COLUMBUS, Ohio -- Damari Parker-Morris slouched in his chair and fiddled with the strings of his hoodie as he stared at the English lesson on the computer screen in front of him.
Kevin Kennedy noticed that Damari and the other teens and tweens sitting around the folding tables in one of the classrooms at the Woodward Park Community Center seemed restless. So the team leader with the local nonprofit Actions that Matter for Youth decided homework time was over.
"Come on. You know what to do," Kennedy told the half dozen kids who had gathered here after walking over from Woodward Middle School next door. "Grab a pen and write it down — a personal goal and an academic goal."
Damari snatched up a marker and, on the paper covering the tables, wrote in neat and flourished handwriting that seemed atypical of a 13-year-old who's always in a rush, "Get successful/get rich. Provide for my family."
Kennedy, as he walked around and surveyed the responses, explained the exercise: "Writing is easier. Talking out loud about personal things is hard."
Damari is one of 15 seventh- and eighth-graders from the middle school who spend three hours after class four nights a week at the community center as part of a pilot program aimed at keeping them focused, engaged and on track.
"Being here makes me want to do my homework," Damari said. "I'm trying to get all As this year."
This afterschool program is an extension of work that goes on during the day at the school, said DeAndra Harrison, the founder of Actions that Matter for Youth. The organization received $30,000 in American Rescue Plan funds from the city of Columbus to run this pilot program in tandem at Woodward Park Middle School and the community center, which are on Karl Road in the heart of the Northland neighborhood.
At school, the focus is on social/emotional/life skills and academics and, the afterschool program adds in recreation and homework components. Between the two sites, about 50 to 60 students are participating.
The heart of the program, Harrison said, is mentoring.
"We're building trust and long-term relationships. It's about building up the students as a whole person," Harrison said. "Middle school is such a key age and a tough time. But everyone is really seen as equal here."
As Damari and his younger brother, Cameron played basketball one day last week, center director Christine Cordi watched.
The way she sees it, afterschool programs such as this one are among the most impactful activities the center can provide.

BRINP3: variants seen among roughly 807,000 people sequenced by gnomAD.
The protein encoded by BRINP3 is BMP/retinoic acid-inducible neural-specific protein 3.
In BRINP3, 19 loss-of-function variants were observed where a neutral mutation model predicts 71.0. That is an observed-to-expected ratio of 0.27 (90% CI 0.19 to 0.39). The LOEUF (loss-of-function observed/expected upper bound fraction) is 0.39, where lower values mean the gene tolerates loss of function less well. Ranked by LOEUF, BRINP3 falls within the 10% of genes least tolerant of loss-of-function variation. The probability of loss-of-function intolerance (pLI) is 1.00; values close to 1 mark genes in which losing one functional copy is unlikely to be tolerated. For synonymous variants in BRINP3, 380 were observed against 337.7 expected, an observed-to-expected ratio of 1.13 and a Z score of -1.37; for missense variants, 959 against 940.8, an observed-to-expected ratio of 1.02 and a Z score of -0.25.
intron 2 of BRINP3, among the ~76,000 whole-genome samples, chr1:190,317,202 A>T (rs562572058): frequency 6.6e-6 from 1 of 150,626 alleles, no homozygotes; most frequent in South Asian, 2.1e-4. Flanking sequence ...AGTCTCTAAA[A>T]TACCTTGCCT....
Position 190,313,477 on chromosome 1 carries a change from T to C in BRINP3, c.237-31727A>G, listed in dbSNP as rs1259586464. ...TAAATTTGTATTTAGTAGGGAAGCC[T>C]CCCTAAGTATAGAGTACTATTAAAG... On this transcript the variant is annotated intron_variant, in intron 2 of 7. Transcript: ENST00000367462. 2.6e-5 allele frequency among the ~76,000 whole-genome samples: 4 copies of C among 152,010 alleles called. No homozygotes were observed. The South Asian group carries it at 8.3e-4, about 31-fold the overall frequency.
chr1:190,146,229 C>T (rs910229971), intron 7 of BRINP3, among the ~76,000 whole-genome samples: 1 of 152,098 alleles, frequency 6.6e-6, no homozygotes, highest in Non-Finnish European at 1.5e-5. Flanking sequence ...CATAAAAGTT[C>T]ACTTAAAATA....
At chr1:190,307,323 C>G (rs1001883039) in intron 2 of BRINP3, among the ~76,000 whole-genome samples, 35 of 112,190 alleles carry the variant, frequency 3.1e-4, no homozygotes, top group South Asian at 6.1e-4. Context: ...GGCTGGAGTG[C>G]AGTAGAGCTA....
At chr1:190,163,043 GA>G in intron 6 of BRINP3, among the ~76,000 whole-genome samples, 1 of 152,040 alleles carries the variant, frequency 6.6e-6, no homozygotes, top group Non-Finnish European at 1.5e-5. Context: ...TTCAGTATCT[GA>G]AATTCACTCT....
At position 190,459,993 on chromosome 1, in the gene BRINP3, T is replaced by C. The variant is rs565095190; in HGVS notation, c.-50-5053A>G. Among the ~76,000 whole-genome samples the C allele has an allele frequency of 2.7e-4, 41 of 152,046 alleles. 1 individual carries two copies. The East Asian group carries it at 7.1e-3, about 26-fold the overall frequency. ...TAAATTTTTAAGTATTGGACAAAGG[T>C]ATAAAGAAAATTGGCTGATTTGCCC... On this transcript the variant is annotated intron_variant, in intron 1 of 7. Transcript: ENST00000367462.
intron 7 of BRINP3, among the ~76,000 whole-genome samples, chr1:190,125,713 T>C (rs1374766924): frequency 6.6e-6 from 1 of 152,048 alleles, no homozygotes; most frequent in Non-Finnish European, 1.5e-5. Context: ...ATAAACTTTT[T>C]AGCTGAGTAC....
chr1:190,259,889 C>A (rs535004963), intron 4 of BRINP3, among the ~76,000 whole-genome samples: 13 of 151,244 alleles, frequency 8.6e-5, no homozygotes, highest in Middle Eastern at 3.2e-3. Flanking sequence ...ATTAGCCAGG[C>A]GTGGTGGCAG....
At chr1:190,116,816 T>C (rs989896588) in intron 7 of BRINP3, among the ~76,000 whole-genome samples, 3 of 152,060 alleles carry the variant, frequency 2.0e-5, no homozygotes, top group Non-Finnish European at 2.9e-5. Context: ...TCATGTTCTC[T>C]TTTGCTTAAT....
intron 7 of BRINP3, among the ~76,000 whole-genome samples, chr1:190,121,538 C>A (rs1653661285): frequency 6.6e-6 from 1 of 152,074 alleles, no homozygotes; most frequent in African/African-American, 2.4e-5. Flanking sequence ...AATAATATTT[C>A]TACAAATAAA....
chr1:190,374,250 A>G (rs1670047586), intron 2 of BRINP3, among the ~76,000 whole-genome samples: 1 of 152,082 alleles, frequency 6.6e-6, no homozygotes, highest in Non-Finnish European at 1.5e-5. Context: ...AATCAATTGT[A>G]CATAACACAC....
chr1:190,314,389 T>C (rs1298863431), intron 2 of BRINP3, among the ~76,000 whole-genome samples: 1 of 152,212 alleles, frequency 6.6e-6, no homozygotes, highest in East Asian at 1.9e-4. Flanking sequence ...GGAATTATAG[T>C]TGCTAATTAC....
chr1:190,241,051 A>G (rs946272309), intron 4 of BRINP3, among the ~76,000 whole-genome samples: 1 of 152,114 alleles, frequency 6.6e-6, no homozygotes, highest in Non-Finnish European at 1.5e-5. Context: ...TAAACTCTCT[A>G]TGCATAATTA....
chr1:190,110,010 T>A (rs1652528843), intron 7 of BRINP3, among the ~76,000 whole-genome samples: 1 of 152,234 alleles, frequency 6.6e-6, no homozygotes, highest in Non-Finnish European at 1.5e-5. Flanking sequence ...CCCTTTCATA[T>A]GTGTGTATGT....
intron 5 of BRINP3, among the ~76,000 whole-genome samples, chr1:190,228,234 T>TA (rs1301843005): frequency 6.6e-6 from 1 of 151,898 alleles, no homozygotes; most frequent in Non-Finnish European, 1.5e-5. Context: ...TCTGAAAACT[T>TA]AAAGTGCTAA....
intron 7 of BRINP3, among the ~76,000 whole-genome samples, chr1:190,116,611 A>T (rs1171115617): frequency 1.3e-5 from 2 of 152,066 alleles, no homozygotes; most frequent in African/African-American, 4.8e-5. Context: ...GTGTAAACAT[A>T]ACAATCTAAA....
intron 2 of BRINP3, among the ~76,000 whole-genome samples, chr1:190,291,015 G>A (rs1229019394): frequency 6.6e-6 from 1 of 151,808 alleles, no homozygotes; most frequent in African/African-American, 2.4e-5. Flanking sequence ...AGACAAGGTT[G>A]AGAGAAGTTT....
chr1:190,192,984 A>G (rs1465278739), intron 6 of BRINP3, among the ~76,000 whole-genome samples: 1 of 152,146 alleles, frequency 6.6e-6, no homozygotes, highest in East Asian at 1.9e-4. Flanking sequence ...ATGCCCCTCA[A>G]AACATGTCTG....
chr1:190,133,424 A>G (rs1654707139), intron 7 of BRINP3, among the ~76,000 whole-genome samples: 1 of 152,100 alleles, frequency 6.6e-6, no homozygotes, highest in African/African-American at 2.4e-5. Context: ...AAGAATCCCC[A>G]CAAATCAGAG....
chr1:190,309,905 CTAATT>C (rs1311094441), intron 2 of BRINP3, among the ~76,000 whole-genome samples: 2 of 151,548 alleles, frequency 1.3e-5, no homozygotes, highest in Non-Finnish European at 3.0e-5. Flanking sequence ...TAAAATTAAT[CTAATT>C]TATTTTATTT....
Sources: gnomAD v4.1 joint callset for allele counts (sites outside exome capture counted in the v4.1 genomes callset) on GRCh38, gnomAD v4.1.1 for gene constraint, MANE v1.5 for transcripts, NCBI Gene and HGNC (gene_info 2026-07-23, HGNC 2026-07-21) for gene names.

Cordi grew up here in Northland and watched as the community center was built in 1976. In her 30 years with the city of Columbus Recreation and Parks Department, she has worked at several community centers, including Douglas in South Linden, Dodge in Franklinton and Schiller in German Village.
But now she runs the programs back in the neighborhood where she grew up, a neighborhood whose makeup had dramatically changed: Recent census figures show the number of minority residents grew by 45% in the 18 census tracts roughly bounded by Interstate 270 on the north and east, Morse Road on the south, and the Worthington city limits on the west. Approximately 62,000 out of 97,000 people in the area belong to minority groups.
Cordi said the diversity has enriched the area for everyone.
"This is like coming home for me," she said. "And it made me more committed to making these kids our future leaders."
During its busiest months, Woodward Community Center sees as many as 10,000 visitors. It's youth basketball program is a favorite of residents, with about 250 participating.
But Cordi said that as she has watched the violence escalate in Columbus over the past couple of years, she found herself wondering how she could help more. She decided she had to find a way to get more teens to spend time at the center. And this pilot program is one solution.
"We have to build relationships with them now and get to know them," Cordi said. "It's about respect. We respect them, and they respect us."
Not long after she said that, a spindly 12-year-old burst through the gym doors and made a beeline for her.
Attendance at school and this program is tracked, and Eddie Scott had told Miss Chris — as the kids all call her — that he wouldn't be there this day because he had an orthodontist appointment.
"Well," she told Eddie as he ran up to her. "Let me see your smile!"
He tugged down his mask and grinned.
"There's still braces! I thought you were getting them off," Cordi said.
"Nah, not yet," said Eddie, a seventh-grader, before running off to join a game of hoops.
Later, he said that he and his older siblings have been coming to the center as long as he can remember. This afterschool program, he said, has been helpful.
"It gives me to time to get my homework done," he said. "But I also make sure things are good around here. I sweep the floors and take care of things."
"He'd already said he wasn't going to be here today," she said. "He could have just gone home. But he didn't. I feel like we're all family here."